New Jersey's new governor will consider changes to the state's charter school law, potentially slowing the expansion of controversial, yet in-demand schools championed by former Gov. Chris Christie.
The state on Friday announced a "comprehensive review" of its charter school law, fulfilling one of Gov. Phil Murphy's campaign promises after an era of rapid school choice growth.
It's unclear, however, how long the review will last or whether applications to expand or open charter schools will be considered during the process. Neither the state Department of Education nor the governor's office answered questions about the review.
Adam Clark Updated Mar 11, 11:19 PM; Posted Mar 11, 9:30 AM
Star Ledger--Teaching math and learning the sound of gunfire: America, 2018
Can you tell the difference between gunshots and fireworks? Do they sound far away, or are they close, such as just outside a closed door?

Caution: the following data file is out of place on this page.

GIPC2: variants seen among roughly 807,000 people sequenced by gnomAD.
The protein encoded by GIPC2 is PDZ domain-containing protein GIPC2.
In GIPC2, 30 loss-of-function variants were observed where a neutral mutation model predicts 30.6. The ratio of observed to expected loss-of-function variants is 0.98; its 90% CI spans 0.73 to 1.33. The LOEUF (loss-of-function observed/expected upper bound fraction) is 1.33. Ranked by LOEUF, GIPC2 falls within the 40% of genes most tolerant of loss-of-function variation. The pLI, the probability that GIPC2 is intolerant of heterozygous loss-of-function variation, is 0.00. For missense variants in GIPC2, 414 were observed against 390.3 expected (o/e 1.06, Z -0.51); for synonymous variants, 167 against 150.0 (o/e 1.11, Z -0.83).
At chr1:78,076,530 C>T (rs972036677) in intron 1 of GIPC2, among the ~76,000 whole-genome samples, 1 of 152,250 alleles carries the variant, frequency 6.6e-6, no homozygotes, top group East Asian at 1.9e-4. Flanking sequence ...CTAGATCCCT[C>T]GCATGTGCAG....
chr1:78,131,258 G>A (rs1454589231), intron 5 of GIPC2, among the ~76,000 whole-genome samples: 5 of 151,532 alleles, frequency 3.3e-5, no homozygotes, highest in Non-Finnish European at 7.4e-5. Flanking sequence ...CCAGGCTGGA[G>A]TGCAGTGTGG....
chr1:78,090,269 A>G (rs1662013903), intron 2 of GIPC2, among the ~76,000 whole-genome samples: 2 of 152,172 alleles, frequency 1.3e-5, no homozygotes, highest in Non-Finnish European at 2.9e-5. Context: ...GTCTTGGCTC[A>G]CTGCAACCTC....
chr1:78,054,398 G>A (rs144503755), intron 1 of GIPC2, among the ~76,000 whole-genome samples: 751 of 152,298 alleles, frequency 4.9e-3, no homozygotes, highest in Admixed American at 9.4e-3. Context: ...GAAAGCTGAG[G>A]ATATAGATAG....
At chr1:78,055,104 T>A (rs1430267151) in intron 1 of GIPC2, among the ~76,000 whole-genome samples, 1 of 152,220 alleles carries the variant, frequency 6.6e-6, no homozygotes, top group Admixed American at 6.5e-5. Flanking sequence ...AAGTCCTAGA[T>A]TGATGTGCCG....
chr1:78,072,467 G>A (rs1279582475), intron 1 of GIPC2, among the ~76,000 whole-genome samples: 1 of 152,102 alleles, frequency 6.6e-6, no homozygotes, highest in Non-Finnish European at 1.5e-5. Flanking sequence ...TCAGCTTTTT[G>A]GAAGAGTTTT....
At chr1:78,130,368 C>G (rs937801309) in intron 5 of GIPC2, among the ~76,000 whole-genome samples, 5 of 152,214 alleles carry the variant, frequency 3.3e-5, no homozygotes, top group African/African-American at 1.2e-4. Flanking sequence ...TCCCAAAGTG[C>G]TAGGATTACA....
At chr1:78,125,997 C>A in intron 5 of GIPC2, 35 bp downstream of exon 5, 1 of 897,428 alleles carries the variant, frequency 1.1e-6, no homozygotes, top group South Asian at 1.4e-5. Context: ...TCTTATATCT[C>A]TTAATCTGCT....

And how quickly can you identify the shots fired? Would you know before the gun was in the same room as you?
That's what the Voorhees Township police department wanted to be sure teachers and faculty at Eastern Regional High School could do if a shooter were to infiltrate the campus.
Amanda Hoover| Updated Mar 10; Posted Mar 10
The Record--Editorial: Don’t take long to plot future without PARCC tests
The trap door under the state’s PARCC (Partnership for Assessment of Readiness for College and Careers) exams is beginning to open. But there’s still a lot of work to do before the controversial tests drop into history.
Mark this down as another instance of practical realities getting in the way of bold campaign declarations.
Remember those “Day One” pledges from Gov. Phil Murphy that he would promptly jettison PARCC once he takes office? Well, it’s a little more complicated than that. Planning for this year’s exams was too far along to responsibly alter their course. Dumping PARCC after three years is one thing, but what replaces it? The state can’t just decide to drop standardized student assessments entirely; laws require that it have some form of testing to evaluate how students are being served.